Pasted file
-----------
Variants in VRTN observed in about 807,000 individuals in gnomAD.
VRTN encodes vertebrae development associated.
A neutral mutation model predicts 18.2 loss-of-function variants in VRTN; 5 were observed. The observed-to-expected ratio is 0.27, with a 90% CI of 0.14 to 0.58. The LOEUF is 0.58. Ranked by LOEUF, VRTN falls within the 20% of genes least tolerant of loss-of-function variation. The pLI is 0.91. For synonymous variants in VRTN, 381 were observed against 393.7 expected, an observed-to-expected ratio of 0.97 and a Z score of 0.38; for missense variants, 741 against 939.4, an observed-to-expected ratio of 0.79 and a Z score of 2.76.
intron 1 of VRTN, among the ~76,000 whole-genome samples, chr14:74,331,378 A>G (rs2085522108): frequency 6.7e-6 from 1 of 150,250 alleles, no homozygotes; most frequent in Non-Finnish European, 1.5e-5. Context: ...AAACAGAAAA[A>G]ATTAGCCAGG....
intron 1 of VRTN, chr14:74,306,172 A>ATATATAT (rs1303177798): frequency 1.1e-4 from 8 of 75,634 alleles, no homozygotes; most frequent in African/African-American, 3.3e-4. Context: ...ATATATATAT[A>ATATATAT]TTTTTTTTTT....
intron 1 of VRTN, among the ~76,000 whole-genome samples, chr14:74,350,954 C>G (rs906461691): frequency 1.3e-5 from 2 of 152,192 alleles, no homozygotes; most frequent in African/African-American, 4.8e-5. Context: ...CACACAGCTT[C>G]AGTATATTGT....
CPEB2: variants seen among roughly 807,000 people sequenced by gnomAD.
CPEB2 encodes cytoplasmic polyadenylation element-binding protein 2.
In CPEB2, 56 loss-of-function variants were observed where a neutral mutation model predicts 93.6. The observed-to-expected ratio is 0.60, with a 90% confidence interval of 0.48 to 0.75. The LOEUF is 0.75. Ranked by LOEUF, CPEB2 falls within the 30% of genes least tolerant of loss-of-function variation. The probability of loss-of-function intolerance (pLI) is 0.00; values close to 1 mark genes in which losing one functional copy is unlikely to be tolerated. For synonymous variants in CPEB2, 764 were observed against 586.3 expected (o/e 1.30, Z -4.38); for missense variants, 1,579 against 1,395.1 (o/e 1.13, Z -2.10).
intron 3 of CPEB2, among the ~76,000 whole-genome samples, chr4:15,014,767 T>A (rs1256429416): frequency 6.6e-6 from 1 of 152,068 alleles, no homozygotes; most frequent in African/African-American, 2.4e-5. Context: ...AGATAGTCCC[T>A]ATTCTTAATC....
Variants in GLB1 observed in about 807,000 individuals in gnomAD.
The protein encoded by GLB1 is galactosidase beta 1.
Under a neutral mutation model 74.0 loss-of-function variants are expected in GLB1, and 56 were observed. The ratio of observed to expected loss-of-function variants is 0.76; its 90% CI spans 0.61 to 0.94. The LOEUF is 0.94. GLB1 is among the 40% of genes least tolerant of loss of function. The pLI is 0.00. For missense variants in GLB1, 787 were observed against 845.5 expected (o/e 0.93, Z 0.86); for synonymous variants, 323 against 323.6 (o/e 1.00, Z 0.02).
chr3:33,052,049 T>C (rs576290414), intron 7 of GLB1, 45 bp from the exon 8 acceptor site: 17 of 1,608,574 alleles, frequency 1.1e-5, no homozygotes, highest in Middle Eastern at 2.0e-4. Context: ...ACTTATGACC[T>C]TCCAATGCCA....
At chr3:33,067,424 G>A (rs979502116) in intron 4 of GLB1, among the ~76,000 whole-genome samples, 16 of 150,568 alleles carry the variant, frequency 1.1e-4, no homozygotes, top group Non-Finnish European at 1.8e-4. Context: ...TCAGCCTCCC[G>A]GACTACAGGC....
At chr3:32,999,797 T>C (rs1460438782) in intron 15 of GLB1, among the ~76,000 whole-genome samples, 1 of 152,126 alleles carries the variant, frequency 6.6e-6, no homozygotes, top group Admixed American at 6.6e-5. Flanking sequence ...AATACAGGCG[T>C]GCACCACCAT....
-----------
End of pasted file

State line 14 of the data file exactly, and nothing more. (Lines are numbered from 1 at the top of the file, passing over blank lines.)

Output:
chr3:33,052,049 T>C (rs576290414), intron 7 of GLB1, 45 bp from the exon 8 acceptor site: 17 of 1,608,574 alleles, frequency 1.1e-5, no homozygotes, highest in Middle Eastern at 2.0e-4. Context: ...ACTTATGACC[T>C]TCCAATGCCA....